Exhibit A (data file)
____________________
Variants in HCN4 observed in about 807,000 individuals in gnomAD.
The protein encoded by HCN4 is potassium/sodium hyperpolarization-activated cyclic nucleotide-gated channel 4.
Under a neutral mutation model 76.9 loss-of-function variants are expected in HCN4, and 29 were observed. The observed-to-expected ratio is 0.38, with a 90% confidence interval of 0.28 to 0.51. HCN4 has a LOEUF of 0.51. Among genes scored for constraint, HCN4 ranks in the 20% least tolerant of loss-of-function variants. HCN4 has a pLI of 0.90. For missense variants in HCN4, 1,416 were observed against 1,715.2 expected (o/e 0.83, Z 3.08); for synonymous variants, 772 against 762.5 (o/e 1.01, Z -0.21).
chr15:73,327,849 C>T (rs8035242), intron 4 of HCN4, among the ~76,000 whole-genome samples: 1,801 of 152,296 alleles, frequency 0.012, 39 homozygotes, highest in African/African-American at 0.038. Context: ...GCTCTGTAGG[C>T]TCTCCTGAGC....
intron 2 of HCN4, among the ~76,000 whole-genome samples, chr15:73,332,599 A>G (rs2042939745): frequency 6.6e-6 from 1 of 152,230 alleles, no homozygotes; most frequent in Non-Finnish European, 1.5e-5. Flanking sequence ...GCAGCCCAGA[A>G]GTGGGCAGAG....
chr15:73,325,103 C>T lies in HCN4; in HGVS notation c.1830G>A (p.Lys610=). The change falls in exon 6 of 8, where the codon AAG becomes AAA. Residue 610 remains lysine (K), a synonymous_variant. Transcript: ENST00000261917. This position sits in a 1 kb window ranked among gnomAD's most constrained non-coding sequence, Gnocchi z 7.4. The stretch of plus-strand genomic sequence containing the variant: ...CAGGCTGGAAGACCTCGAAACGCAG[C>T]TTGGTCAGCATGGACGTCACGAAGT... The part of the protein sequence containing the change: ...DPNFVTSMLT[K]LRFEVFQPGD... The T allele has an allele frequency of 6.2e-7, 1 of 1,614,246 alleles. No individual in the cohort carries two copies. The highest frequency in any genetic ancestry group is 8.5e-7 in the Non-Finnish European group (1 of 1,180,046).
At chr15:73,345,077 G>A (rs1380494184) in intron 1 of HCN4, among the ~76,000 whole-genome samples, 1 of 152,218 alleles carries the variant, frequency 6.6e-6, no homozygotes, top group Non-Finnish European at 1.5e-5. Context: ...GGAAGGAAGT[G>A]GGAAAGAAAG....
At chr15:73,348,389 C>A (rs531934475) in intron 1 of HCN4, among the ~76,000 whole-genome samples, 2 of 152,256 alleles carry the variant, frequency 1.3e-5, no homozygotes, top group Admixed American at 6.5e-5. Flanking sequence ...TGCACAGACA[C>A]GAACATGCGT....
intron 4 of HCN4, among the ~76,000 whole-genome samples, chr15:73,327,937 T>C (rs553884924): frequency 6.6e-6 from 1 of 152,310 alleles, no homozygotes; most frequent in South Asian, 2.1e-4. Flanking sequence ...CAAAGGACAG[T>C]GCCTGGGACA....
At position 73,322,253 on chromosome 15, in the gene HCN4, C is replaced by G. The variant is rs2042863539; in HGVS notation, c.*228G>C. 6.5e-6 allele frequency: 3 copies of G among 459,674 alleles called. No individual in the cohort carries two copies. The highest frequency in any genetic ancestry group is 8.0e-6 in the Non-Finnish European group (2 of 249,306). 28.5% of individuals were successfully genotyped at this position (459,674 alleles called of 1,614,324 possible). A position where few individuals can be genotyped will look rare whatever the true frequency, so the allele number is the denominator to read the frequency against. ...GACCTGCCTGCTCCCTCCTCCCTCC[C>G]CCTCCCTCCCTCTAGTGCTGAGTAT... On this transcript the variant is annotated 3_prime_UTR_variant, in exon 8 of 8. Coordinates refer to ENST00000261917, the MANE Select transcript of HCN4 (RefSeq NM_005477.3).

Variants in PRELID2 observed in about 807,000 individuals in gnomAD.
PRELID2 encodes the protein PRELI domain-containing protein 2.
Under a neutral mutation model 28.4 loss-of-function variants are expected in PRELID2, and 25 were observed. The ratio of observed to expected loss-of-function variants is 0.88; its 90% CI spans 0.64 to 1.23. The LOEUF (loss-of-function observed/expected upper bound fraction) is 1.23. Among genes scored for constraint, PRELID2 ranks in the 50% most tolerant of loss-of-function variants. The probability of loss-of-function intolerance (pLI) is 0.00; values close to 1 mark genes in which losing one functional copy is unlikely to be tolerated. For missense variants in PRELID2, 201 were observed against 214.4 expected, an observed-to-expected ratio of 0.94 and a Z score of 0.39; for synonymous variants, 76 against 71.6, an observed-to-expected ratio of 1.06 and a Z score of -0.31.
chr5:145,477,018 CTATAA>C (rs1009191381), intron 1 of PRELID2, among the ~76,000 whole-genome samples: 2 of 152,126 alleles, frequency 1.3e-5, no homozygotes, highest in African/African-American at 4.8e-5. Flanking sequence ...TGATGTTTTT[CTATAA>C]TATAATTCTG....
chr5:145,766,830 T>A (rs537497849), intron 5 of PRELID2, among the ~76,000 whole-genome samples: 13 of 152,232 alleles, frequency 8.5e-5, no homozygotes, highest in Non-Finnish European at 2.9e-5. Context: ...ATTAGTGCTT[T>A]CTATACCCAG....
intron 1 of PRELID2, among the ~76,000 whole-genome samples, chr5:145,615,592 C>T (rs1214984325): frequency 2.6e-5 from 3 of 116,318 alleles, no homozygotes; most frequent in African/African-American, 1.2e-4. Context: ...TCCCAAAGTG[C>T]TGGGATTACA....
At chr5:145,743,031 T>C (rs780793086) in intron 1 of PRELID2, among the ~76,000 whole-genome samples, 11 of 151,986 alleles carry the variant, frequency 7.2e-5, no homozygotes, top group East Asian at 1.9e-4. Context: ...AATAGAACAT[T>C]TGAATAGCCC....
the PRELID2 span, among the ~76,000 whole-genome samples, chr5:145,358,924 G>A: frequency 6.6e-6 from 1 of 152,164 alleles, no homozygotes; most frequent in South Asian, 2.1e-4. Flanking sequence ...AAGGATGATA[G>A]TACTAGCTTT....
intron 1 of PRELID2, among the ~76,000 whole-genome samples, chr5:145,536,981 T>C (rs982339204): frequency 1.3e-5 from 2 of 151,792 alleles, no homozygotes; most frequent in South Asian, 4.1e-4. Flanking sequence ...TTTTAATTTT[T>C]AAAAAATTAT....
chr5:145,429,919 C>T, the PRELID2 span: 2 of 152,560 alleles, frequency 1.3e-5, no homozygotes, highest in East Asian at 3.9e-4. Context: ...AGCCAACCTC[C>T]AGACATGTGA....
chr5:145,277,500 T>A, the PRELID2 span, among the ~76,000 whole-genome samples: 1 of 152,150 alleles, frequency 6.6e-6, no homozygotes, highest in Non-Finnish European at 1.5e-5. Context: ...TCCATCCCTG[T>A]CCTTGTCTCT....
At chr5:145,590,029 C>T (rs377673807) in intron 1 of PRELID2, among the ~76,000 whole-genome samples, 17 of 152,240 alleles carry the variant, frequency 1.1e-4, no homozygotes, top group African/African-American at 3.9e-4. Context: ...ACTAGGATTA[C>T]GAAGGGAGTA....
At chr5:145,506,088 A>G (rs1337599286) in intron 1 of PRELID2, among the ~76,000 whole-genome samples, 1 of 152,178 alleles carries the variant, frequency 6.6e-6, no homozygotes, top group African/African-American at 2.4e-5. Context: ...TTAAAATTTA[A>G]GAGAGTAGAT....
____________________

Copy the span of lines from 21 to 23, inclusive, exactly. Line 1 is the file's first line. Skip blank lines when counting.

chr5:145,277,500 T>A, the PRELID2 span, among the ~76,000 whole-genome samples: 1 of 152,150 alleles, frequency 6.6e-6, no homozygotes, highest in Non-Finnish European at 1.5e-5. Context: ...TCCATCCCTG[T>A]CCTTGTCTCT....
At chr5:145,590,029 C>T (rs377673807) in intron 1 of PRELID2, among the ~76,000 whole-genome samples, 17 of 152,240 alleles carry the variant, frequency 1.1e-4, no homozygotes, top group African/African-American at 3.9e-4. Context: ...ACTAGGATTA[C>T]GAAGGGAGTA....
At chr5:145,506,088 A>G (rs1337599286) in intron 1 of PRELID2, among the ~76,000 whole-genome samples, 1 of 152,178 alleles carries the variant, frequency 6.6e-6, no homozygotes, top group African/African-American at 2.4e-5. Context: ...TTAAAATTTA[A>G]GAGAGTAGAT....